2. Once you have the okay from SLT. Get teachers on board- mention what you intend to in staff briefings etc. Find a supportive network of teachers who want to help (they don’t have to give any time commitment but knowing they are also on your side will really help you feel not like you have undertaken a David and Goliath task!)

3. Mention you want to set up a SoWhat Squad in every lesson and ask if students are interested in joining- ask them to tell their friends. Get your supportive teachers to mention it to their form groups etc. Get it announced in assembly. Once you have a list of a few students who want to attend set up an initial meeting to brainstorm what the group will look like.

4. Initial meeting- discuss what the group aims to do- our group came up with this one:

“The So What Squad aims to promote acceptance and education of Lesbian, Gay Bisexual Transgender (LGBT) issues and eliminate ignorance and discrimination as well as provide a safe space for LGBT students”

Yours doesn’t have to be the same- make sure the group own it! If it will help invite an outside person in from Stonewall or School’s out to help you with the first meeting and planning.

5. Plan your meetings- what activities will you do? What time and where will meetings be held? (consider a time and place that meets the students needs- we found friday after school in a tucked away classroom to be the best as some students were worried about being “outed” if they were seen attending. In fact I had one student who came every week for “detention” with me just so he could attend the meetings. He was a fairly good kid so it was a stretch but it was important to provide him with that cover so he could still attend the safe space. Even to the other kids in the group he was in “detention” to them until he felt more comfortable.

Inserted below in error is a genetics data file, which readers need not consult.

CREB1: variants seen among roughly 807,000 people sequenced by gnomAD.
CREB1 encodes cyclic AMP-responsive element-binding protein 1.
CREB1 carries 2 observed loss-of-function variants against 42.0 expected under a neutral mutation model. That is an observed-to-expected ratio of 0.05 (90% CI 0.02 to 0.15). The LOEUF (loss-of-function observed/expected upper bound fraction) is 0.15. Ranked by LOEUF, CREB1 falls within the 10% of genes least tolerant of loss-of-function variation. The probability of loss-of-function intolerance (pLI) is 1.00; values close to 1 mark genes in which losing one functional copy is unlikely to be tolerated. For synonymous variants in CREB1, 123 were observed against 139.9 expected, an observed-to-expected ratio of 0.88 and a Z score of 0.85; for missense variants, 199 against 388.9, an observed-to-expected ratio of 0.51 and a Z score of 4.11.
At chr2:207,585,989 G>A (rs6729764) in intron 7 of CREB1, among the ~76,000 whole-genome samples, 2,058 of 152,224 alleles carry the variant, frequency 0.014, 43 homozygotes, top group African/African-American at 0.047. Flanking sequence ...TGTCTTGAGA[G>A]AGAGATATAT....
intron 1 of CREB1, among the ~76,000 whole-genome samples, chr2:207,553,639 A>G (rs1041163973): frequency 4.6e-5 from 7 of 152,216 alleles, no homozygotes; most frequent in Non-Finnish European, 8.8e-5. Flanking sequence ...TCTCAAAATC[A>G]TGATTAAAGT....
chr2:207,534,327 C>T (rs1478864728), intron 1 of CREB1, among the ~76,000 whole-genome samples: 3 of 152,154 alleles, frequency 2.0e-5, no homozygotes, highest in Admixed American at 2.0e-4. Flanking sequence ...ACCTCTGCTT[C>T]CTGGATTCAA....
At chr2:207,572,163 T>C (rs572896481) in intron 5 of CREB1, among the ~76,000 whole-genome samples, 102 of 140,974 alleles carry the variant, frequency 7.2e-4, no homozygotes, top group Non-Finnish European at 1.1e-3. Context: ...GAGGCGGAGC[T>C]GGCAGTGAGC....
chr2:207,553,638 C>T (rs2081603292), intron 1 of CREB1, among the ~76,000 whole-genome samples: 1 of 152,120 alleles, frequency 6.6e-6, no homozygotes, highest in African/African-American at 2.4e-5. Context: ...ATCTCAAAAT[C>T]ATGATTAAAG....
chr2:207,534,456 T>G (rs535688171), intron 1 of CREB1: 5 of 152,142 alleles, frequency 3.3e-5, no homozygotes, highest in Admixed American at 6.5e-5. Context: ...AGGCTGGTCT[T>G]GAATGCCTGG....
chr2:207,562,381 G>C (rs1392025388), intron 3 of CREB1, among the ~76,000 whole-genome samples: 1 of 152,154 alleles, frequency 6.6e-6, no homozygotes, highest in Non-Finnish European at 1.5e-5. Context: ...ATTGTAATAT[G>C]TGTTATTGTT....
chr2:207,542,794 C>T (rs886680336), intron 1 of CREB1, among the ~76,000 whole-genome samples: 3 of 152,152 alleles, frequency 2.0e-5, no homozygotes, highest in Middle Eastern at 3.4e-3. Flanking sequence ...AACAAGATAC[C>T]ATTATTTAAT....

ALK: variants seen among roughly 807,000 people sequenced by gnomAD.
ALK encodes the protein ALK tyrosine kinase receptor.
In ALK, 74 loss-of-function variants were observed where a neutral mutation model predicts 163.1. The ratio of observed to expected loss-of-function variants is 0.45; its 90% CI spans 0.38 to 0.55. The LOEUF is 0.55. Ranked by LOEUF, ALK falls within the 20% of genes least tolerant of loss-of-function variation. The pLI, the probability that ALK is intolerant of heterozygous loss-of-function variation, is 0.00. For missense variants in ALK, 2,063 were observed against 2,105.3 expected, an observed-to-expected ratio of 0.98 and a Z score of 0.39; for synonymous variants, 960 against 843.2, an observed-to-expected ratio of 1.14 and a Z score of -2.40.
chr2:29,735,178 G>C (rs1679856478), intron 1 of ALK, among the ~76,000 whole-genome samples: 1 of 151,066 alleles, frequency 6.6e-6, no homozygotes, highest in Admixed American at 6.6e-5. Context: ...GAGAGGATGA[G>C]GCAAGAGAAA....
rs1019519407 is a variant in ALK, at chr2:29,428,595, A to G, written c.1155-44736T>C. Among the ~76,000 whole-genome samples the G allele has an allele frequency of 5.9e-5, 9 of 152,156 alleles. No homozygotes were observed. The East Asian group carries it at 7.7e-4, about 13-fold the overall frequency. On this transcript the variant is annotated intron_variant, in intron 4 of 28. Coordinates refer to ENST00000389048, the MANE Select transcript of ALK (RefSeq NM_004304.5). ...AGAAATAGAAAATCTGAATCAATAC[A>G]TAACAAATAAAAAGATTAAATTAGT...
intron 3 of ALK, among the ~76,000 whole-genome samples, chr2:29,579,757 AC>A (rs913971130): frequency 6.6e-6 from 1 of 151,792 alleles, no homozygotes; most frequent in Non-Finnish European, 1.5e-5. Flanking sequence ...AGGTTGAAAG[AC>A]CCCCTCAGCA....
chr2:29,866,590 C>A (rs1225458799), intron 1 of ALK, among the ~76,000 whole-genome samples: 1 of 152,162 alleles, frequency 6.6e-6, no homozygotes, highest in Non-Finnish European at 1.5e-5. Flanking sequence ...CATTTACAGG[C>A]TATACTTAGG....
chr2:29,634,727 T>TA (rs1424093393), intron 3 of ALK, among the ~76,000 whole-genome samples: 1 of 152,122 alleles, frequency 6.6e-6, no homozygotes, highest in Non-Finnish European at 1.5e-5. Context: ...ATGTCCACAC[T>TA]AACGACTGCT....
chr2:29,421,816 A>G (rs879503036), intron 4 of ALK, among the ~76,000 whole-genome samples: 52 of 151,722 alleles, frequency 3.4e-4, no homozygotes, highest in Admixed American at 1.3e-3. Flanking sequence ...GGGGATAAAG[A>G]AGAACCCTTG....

6. Launch the group- advertise via posters, assembly announcements, school counsellor referrals, word of mouth. Also send a letter home in the newsletter to inform parents about the group (you can see a sample letter I wrote here.)

7. Have fun! There are so many different ideas and activities your group can try out. We did logo design, badge making, campaigning, eating biscuits and gossiping and all sorts. It was brilliant.

8. Ensure sustainability- how will you get the group to keep going if you leave the school, or the students leave (many of our group were in the 6th form).

Any questions? Email Sexedukation at googlemail.com

S.O.What Squad- setting up an LGBT support group


Previously I ran a blog called So What Squad alongside this one, but time constraints meant I wanted to fine tune my social media presence, so I am moving all the posts over to this blog. This is the first of six posts.

The So What Squad (Sexual Orientation Whatever)* was set up in 2008 in a North London secondary school. A teacher at the school was leading on a project to tackle homophobia and as part of that work worked with a group of students to set up the group.